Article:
Over the Christmas holidays I was thinking about how Luke doesn’t start his Christmas story with the birth of Jesus, but with the birth of John. He starts with the story of Zechariah, John’s father. The story goes like this. Zechariah and his wife Elizabeth were older and had never been able to have children. Zechariah was a Priest. He was at the Temple performing his duties when an angel appeared to him. It was Gabriel, the same angel who had appeared to Mary. He told Zechariah that he and Elizabeth were going to have a son. Their son would be the one who would be the forerunner to the Messiah. He would spend his life pointing people to God.
The problem with that promise was that Zechariah and Elizabeth had been praying to God for a child for years. It didn’t seem God heard their prayer. They had finally gotten over the disappointment. He wasn’t sure this could be for real. So he asked Gabriel, “How will we know this is so?” Gabriel gave him a sign. He told Zechariah that he would not be able to talk until the child was born.
From that moment on, Zechariah could not speak. He stumbled out of the Temple unable to talk and everyone knew something was going on, but not sure what. He went home and sure enough, a short time later Elizabeth became pregnant. Maybe, she liked him better this way, the strong silent type. Zechariah remained silent until John was born. On the eighth day, when it was time to name him, Zechariah spoke his first words. He said, “His name is John.” It seems that during the time of silence Zechariah was able to figure things out.
Most scholars say that the angel punished Zechariah with silence for not believing his word. That is the way I have preached it as well. But, these days I am more in agreement with Barbara Brown Taylor who wrote that his silence was not a punishment, but a gift.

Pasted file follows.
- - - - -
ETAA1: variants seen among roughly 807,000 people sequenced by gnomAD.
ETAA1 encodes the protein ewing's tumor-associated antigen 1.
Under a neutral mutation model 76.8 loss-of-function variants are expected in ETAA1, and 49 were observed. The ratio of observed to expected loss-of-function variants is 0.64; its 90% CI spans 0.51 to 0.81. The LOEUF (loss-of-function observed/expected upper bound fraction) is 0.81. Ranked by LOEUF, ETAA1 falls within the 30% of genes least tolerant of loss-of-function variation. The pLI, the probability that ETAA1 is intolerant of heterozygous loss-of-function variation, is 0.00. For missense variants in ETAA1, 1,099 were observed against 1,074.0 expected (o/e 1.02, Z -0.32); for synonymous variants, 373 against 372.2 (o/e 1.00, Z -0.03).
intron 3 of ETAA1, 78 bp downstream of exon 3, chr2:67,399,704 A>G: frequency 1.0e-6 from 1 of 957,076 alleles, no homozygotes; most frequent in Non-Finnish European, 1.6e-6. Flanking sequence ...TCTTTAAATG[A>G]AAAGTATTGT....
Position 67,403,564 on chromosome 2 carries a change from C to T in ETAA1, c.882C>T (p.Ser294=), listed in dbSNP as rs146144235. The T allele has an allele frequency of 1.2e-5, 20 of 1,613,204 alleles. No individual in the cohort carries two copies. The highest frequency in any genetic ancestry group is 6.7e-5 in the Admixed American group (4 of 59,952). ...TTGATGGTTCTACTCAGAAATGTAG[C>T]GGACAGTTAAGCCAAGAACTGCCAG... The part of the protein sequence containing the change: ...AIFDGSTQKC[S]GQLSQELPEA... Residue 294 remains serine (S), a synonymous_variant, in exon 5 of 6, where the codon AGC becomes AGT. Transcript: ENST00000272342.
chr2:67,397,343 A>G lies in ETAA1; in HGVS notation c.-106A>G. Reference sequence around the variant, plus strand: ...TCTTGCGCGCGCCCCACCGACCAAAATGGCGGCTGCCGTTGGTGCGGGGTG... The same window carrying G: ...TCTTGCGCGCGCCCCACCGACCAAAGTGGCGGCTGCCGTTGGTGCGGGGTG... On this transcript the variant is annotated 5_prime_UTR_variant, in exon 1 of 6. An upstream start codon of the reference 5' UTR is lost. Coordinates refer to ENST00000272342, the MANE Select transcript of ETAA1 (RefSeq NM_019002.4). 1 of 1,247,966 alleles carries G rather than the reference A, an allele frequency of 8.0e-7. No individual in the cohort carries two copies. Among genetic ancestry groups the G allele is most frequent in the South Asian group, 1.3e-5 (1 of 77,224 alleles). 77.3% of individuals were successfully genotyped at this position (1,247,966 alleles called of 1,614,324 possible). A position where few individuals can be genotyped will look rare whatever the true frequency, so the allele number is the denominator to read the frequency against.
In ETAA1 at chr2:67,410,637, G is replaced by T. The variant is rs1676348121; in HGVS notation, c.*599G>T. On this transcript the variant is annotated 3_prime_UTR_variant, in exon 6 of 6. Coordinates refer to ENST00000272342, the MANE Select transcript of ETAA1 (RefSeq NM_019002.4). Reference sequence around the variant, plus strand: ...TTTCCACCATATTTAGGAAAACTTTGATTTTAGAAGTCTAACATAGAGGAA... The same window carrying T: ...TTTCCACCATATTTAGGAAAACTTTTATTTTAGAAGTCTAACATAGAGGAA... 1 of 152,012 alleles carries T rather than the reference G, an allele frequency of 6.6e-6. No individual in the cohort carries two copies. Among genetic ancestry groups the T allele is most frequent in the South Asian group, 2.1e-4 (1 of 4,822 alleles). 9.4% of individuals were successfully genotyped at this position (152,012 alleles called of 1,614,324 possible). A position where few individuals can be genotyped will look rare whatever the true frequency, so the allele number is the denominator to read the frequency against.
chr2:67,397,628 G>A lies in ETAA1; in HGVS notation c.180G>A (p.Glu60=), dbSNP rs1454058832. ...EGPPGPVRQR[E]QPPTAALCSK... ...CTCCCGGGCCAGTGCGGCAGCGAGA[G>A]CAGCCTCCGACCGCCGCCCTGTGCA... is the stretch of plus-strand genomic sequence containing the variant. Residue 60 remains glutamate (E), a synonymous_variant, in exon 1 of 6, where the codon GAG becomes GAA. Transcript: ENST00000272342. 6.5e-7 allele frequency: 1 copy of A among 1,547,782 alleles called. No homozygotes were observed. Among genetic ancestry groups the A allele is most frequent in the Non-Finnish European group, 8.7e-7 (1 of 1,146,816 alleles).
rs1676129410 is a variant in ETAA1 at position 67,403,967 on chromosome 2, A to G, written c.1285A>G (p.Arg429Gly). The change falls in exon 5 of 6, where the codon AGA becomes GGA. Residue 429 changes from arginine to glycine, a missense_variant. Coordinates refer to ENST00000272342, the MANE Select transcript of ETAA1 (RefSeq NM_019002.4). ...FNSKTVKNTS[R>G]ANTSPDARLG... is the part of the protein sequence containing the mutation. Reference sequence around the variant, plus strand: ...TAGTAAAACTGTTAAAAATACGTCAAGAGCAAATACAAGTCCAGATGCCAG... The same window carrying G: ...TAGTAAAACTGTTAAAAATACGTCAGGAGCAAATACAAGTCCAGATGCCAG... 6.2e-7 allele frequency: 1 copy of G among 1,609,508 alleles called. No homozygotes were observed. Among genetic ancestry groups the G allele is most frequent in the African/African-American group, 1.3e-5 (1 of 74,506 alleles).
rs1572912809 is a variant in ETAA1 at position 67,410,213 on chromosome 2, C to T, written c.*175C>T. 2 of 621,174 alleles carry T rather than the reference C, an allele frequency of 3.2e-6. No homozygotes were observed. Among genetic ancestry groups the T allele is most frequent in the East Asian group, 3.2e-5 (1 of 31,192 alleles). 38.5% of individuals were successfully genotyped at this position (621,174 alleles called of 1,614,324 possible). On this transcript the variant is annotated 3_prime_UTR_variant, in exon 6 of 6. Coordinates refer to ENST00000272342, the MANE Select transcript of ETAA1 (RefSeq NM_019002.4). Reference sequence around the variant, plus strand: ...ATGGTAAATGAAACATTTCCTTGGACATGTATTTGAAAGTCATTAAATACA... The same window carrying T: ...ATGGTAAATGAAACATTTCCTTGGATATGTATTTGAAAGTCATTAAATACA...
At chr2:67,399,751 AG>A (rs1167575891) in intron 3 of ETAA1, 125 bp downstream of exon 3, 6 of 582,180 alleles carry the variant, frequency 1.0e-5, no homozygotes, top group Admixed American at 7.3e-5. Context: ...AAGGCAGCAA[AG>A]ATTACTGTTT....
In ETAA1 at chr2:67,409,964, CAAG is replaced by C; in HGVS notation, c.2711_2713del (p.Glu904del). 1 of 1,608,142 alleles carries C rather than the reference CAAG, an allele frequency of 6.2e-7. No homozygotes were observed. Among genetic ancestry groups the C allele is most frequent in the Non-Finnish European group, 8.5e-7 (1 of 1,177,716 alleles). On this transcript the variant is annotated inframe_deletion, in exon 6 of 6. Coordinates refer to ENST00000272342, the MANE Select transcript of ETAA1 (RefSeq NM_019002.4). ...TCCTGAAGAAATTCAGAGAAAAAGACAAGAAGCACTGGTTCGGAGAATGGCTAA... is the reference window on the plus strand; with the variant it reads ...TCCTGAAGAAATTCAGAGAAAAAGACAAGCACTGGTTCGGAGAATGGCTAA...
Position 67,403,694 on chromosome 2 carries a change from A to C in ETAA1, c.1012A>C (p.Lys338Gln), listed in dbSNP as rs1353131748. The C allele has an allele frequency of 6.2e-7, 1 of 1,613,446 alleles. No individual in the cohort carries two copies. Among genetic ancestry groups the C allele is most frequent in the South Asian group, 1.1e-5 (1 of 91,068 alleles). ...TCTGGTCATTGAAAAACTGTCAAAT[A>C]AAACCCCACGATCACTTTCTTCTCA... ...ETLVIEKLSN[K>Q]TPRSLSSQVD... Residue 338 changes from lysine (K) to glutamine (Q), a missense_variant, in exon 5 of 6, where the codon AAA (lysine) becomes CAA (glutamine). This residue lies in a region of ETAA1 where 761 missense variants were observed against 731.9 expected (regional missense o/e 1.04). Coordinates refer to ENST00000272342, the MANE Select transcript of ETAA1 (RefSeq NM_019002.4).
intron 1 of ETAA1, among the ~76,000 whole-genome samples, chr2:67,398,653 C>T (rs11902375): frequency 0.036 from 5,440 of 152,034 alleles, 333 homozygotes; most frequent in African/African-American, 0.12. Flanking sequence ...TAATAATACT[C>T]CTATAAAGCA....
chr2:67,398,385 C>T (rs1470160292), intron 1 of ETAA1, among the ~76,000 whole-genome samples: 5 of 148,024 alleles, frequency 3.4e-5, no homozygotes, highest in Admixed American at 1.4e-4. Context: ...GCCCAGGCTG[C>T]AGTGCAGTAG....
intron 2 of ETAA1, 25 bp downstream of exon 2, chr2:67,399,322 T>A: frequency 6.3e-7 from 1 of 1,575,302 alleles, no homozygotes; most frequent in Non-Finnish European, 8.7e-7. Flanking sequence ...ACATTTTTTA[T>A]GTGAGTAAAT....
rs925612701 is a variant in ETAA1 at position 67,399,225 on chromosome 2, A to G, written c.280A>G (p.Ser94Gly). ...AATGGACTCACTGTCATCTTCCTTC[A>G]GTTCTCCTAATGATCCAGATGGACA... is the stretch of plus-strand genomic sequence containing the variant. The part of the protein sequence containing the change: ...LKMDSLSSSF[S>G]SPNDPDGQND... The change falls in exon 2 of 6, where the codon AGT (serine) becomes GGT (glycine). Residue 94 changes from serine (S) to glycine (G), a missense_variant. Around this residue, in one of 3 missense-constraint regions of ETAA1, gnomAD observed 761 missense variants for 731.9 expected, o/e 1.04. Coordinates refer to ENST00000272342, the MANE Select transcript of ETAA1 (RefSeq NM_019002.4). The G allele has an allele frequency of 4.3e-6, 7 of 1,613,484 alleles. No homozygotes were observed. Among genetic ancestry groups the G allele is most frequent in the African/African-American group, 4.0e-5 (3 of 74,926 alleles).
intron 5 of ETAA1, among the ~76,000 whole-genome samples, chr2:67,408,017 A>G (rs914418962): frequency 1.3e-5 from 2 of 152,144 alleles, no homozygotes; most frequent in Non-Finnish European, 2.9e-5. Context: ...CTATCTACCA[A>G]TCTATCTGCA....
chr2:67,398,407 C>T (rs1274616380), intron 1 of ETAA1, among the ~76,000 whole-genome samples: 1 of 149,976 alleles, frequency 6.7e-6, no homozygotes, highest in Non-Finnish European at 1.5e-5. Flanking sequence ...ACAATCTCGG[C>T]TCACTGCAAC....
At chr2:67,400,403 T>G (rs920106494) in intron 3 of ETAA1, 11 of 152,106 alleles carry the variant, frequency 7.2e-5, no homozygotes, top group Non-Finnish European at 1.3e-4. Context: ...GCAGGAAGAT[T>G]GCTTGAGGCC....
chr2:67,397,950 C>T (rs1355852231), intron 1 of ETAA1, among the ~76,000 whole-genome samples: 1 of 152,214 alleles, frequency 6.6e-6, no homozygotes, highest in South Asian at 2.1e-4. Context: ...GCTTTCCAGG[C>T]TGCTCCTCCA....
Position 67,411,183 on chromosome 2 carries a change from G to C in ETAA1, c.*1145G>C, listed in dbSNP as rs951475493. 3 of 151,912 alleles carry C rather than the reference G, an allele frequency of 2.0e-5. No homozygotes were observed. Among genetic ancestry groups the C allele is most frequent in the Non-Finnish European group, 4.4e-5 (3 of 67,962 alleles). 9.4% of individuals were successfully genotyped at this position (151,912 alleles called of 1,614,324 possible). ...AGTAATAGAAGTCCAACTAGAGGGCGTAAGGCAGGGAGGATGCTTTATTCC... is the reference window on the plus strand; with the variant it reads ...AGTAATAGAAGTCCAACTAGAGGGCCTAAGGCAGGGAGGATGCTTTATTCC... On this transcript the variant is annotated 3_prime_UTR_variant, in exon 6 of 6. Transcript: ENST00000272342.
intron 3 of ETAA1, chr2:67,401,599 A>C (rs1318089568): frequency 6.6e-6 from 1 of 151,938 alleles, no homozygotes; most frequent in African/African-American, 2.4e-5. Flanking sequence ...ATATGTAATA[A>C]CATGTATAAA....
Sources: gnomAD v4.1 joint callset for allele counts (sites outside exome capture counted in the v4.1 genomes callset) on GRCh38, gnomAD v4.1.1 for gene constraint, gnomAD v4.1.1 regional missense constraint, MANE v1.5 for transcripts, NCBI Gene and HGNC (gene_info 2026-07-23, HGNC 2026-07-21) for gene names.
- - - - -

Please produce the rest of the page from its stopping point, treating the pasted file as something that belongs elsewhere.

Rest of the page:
I think she is right. I think maybe silence is what we need more of these days. We have heard so many words. Words defending God. Words trying to explain God. Words telling us to keep trying, keep praying. Words that, after a while, seem as old and tired as we sometimes feel.
I think Zechariah is a good example for the church these days. I understand that the church can’t be completely silent. But, I think we could talk less. Instead of so many words of correction and condemnation, maybe we should just go find the people we disagree with and be silent together and do something useful. Instead of rushing to the defense of American civil religion we should treat the marginalized more like Jesus did. Maybe we don’t have to have an answer for everything. It seems that we are so busy giving answers. Then, if people don’t listen to our answers we shout them louder. Maybe if we spent more time being silent and listening we might actually find some answers. “You can’t learn anything when your mouth is open.”
We try to explain God when maybe we should just invite people to be with us and experience the mystery that is God.
Words come at us so fast. Words that try to convince of something, words that manipulate us. Words that condemn us (spoken in love, of course). We don’t trust words so much any more. So maybe we need less words. More silence. More action.
The night Jesus was born there was a chorus of angles that sang. I am sure the shepherds were noisy when they marched their way up to the barn. No doubt the animals in the next stall caused a ruckus at times. But, sooner or later the baby had to fall asleep. Mary must have fallen asleep from sheer exhaustion. I picture Joseph lying there on the straw in the silence. And it was then I believe that he began to understand what was really going on. You don’t come to those realizations in a noisy room. We need silence. We can’t see God for who he is in the midst of a noisy life.
This is my prayer for the new year. I pray that our lives be filled with laughter. The sounds of warm conversation. The clamor of good food being cooked in the kitchen. The noises of family and friends. But, I also pray that somewhere, sometime, there will be some times of silence. I pray that in the silence we can get our bearings like Zechariah and Joseph. I pray that in the silence we truly discover the mystery of God’s love for us that none of our words can adequately explain.